I'm not even talking about simply LSAT prep from a $$$ sense, although it certainly helps. I'm referring more to the lifetime of "wealth prep" - fancy private high school-->SAT tutoring-->Ivy League undergrad-->Better job/internship opportunities-->Ivy league Grad School. And that's not even including the connections that come with said wealth. Everything builds on itself throughout life, well before it is in an individual's control outside of family influence.

I am also solidly middle class and went to middle class public schools. No one in my class went to Ivy League, and only 1 person in the previous class did, whereas a good 25-40% of the kids at a posh private school my friend teaches at go Ivy League.

Our society is built like this for better and for worst. I feel quite fortunate for the life I've had, but it is quite frustrating in this whole law school process.

Dr.Degrees_Cr.Cash

Silver
Posts: 1297
Joined: Sat Feb 20, 2016 1:27 pm

Re: TLS c/o 2020 Applicants

Postby Dr.Degrees_Cr.Cash » Tue Apr 04, 2017 2:44 pm

JC2017 wrote:
Rigo wrote:I feel like law schools have a greater chance at being more economically diverse since its a merit-based financial aid system rather than need-based. Middle class students won't be as financially shut out.

This assumes an even playing field for merit-based aid, which is not at all the case. Wealthy folks can typically afford more tutoring, private LSAT prep, etc. Even merit-based aid isn't a meritocracy in this country.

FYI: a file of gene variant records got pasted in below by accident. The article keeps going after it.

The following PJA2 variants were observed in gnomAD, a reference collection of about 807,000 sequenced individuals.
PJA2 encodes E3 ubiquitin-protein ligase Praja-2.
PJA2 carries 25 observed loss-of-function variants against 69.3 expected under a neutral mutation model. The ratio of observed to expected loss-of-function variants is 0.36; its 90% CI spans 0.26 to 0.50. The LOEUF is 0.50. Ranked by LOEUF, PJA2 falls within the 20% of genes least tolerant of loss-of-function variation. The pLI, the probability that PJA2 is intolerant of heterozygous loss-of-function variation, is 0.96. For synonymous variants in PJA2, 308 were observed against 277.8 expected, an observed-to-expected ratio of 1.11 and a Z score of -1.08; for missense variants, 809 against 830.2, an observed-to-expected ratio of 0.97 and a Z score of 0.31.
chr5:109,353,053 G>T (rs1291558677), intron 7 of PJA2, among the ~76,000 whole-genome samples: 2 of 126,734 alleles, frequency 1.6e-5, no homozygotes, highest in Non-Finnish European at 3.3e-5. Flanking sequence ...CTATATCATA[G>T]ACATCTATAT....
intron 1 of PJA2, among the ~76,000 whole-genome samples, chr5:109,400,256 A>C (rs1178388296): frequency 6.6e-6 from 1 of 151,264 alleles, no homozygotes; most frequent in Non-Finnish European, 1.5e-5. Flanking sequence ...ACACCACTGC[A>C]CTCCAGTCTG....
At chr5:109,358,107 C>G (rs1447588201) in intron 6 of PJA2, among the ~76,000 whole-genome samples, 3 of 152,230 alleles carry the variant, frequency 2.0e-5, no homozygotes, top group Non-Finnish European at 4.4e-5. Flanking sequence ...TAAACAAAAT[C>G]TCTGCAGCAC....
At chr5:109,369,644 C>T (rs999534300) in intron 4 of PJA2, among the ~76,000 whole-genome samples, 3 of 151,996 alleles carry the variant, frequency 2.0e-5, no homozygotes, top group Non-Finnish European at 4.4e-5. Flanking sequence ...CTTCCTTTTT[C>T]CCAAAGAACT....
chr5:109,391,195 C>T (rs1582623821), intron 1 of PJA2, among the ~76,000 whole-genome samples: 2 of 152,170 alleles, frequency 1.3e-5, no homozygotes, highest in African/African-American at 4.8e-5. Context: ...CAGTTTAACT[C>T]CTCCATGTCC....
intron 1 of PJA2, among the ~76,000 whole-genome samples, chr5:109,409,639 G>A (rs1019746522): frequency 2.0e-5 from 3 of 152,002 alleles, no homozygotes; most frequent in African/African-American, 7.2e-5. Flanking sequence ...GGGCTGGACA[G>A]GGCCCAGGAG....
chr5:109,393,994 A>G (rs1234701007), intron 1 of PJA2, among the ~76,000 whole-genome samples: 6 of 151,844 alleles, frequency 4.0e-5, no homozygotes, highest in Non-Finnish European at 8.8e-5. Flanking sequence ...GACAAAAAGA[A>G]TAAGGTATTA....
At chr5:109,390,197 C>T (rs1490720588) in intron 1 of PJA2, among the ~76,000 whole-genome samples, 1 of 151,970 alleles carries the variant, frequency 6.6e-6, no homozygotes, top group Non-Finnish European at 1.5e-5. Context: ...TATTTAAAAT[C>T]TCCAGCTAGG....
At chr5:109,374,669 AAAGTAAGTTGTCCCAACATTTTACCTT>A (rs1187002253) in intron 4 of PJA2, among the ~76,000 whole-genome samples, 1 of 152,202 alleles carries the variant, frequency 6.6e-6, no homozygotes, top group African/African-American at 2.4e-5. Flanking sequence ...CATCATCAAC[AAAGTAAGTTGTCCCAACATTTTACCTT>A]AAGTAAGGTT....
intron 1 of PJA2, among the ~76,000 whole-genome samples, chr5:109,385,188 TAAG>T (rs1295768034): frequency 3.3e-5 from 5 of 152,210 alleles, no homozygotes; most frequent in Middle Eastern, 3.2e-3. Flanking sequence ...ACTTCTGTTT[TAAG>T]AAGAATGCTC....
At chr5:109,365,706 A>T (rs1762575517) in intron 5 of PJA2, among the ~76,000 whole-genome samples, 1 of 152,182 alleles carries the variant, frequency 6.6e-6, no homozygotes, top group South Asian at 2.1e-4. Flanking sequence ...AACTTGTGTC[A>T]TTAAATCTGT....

I think you're right in that many rich people will probably also be getting merit based aid, but I still think it is a benefit to middle class families who, while maybe not being able to afford as much elite tutoring, do receive some of the income based academic success or could beat the trend.

I think there is more meritocracy in having merit-based aid than there is in not (unless we're talking about a zero-sum game where we allocate one lump sum between need and merit, but that is not reality)

Blue664

New
Posts: 93
Joined: Fri Oct 14, 2016 1:19 pm

Re: TLS c/o 2020 Applicants

Postby Blue664 » Tue Apr 04, 2017 2:46 pm

us3rnam3 wrote:
Sarastro wrote:
TexasENG wrote:(the thought is that the GRE might be slightly less biased than the LSAT)

I've heard this before, but haven't taken the GRE so I have no ability to compare the tests. What makes it less socioeconomically biased than the LSAT? RC seems like it could be rough, but isn't there also a vocab section in the GRE?